All bodybuilding staples, each of these are slow digesting:
- Sweet Potatoes – 44 GI
- Brown Rice – 55 GI
- Oats – 58 GI
- Bananas – 62 GI
- Cantaloupe – 65 GI
Breads – I advocate two kinds of bread, one is P28 high protein bread, which provides 14grams of protein, 12 grams of carbs – with only 3 grams of sugar – per slice and if you can find it, low carb whole wheat bread – low carb meaning 13 grams or less per slice.
Post-Workout/Morning carb sources – We all know these are the key times for fast-digesting carbs, so what are the best choices? While you may think fruit is a fast digesting carb, the sugar in fruit (fructose) does not digest as fast as other simple sugars. Still, fruits like those listed below digest fast enough to be part of a good breakfast, although I advocate the use of fruit added Greek yogurt, the added sugar digests very fast, it tastes great and the yogurt is a great source of protein.
When it comes to your post workout shake, many guys simply go with dextrose or maltodextrin powder, purchased as a supplement. These two sources are fast digesting and work exceptionally well as part of a shake containing whey protein – a fast digesting protein source. You can use fruit added Greek yogurt as well.
Food High in Healthy Fats
Often considered the “bad guy” when it comes to body fat storage, the truth is that it’s the combination of excess intake of unhealthy fats and excess sugar that contributes to fat storage in the body. In actuality there are different kinds of fat and your goal as a bodybuilder, of course, is to focus on a limited intake of “healthy” fats.
The four major types of fat:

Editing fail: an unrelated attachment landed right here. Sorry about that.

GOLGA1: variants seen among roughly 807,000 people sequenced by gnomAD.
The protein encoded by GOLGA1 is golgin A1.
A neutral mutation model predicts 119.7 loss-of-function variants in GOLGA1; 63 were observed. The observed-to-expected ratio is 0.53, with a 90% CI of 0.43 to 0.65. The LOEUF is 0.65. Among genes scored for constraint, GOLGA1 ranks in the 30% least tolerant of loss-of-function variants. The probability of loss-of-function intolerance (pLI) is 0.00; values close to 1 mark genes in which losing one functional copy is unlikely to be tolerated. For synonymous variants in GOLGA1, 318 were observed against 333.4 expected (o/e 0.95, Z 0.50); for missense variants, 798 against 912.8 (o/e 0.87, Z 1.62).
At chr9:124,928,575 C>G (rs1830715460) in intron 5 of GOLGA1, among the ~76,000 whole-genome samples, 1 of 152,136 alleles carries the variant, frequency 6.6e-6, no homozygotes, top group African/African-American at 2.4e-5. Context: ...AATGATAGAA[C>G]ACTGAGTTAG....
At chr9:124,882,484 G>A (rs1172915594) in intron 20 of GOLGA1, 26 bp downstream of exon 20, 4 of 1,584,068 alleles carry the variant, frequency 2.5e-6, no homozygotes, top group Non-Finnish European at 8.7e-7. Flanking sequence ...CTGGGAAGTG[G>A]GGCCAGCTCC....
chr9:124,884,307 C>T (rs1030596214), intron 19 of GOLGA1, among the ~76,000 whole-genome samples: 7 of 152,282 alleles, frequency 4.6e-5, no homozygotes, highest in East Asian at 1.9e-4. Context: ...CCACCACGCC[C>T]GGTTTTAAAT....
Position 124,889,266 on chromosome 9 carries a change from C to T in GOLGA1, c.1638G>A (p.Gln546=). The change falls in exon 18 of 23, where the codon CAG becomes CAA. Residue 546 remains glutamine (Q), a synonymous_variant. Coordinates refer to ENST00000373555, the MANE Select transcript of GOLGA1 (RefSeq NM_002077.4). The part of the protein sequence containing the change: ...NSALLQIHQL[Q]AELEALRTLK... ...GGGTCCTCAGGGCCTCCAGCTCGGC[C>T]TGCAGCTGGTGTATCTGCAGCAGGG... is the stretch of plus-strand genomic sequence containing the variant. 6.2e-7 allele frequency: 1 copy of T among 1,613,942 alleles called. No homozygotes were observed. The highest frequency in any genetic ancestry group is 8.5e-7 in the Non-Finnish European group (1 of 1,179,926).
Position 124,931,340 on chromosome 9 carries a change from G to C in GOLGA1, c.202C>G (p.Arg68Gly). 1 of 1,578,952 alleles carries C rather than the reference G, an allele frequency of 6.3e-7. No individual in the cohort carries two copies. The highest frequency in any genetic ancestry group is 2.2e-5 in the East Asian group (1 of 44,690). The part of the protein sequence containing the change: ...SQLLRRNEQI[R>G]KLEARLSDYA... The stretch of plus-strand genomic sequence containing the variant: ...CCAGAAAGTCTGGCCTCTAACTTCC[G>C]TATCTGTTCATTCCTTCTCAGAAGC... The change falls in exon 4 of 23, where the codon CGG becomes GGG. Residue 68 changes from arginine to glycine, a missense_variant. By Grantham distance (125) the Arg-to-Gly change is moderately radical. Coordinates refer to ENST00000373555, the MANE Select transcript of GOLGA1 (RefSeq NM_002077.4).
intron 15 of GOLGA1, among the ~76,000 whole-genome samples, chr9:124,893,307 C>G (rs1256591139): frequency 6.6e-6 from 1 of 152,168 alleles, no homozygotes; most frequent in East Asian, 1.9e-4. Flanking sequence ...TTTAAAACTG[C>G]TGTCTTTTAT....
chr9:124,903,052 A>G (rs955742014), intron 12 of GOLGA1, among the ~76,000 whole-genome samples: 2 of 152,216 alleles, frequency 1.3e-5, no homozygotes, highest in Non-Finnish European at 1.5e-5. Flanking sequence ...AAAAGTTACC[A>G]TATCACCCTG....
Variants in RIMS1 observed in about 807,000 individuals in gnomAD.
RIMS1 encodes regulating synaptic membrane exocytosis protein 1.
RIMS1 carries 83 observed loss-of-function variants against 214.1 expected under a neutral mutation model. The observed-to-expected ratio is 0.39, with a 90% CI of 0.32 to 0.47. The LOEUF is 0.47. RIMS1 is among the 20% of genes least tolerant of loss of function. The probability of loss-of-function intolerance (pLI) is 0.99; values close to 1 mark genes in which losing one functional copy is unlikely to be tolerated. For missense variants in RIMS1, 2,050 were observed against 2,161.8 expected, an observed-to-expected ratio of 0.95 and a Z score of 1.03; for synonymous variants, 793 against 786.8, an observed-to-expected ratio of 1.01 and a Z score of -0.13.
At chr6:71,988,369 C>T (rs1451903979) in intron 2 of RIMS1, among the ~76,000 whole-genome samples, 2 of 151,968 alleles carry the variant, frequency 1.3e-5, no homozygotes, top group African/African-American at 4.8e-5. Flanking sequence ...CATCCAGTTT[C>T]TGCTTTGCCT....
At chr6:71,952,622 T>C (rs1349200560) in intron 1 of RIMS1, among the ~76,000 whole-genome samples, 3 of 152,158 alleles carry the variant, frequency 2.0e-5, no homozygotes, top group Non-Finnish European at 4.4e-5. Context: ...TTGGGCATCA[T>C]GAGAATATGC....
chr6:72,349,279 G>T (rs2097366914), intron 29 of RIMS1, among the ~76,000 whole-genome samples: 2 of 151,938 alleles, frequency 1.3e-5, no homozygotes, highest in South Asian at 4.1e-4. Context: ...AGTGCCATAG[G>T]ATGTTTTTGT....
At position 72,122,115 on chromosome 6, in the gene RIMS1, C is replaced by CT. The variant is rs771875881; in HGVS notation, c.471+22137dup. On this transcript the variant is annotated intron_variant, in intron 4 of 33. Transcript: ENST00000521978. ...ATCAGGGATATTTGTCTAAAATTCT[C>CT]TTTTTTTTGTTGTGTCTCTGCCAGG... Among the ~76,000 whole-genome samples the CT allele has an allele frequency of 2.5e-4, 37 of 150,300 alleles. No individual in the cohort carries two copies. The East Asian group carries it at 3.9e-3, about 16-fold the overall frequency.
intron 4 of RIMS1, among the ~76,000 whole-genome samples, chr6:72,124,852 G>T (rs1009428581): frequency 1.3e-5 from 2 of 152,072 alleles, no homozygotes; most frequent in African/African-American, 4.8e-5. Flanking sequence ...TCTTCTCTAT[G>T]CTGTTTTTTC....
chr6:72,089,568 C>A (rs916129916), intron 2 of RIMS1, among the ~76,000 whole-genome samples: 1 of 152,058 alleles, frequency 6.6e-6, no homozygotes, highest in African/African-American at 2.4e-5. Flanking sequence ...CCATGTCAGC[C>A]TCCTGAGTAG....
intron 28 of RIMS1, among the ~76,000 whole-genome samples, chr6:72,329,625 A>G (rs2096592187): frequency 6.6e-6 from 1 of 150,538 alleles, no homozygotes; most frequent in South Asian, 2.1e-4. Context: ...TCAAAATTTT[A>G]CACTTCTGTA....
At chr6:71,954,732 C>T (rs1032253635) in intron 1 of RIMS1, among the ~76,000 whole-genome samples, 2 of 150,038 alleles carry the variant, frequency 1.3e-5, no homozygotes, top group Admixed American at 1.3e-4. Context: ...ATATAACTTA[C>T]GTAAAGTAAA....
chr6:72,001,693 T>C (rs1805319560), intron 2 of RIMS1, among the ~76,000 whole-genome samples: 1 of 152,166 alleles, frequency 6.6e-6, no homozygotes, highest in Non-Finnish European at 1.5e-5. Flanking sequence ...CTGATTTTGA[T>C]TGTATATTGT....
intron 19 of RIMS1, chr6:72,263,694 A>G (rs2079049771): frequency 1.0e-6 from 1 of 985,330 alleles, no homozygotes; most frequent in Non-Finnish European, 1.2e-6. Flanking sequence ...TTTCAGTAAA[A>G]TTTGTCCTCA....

Monounsaturated fats/Polyunsaturated fats (including Omega-3s) – Unsaturated fats are considered “good” fats and eating foods that are rich in monounsaturated and polyunsaturated fat has positive health benefits, such as improving blood cholesterol levels and lowering your risk of heart disease.
Trans fats – Small amounts of naturally-occurring trans fats can be found in some foods, such as meat and dairy products, however it’s the artificial trans fats that are considered unhealthy. These artificial trans fats raise your LDL (“bad”) cholesterol and lower your HDL (“good”) cholesterol as well as increase your risk of heart disease, stroke, and diabetes.
Saturated fats – Saturated fats are mainly found in tropical oils, dairy, and animal products such as red meat. As well, some fish also contains saturated fat. Organizations such as the American Heart Association and the American Diabetes Association contend that eating saturated fat from any source increases the risk of heart disease and stroke.
Monounsaturated fat foods:
- Natural/Organic peanut butter (containing just peanuts and low salt)
Polyunsaturated fat foods:
- Fatty fish (salmon, tuna, mackerel, herring, trout)
Omega-3 fatty acids, a type of polyunsaturated fat, Omega-3 fatty acids play a major role in cognitive function (memory, problem-solving abilities, etc.), heart health and joint health.
The different types of omega-3 fatty acids:
EPA and DHA – Eicosapentaenoic acid (EPA) and docosahexaenoic acid (DHA) are essential fatty acids that have considerable research backing their benefits. These are the most common omegas and are found primarily in fish.
ALA – Alpha-linolenic acid (ALA)is a plant source, research indicates that it’s a less potent form of omega-3 than EPA and DHA, although it’s a good source for those that do not like fish or fish-source supplements.
Foods High in Omega 3’s:
- Salmon (especially wild-caught king and sockeye)
- Tuna (not canned)
As you can see, there is a little more to fat than many people may realize. Regardless, however, fat content should remain reasonably low, about 20% or less of total calories. Remember, fats are very calorie-dense at 9 calories per gram as opposed to 4 calories per gram for protein and carbs. If you like fish, you can go a long way right there, otherwise, you’re looking at various types of nuts which can be a great snack or part of a meal that may also include chicken and a slow carb source.
So there you have it. When it comes time to shop again, pick several foods from each list, this will give you the ability to make up interesting and varied meals, rather than simply eating chicken and rice, or canned tuna, or worse yet, something less than healthy because you aren’t sure what you should be eating. You can find a ton of healthy recipe ideas online, for me, for any food label or recipe idea, it’s about sugar content, both by itself and to total carb content, sodium content and of course the types of fat.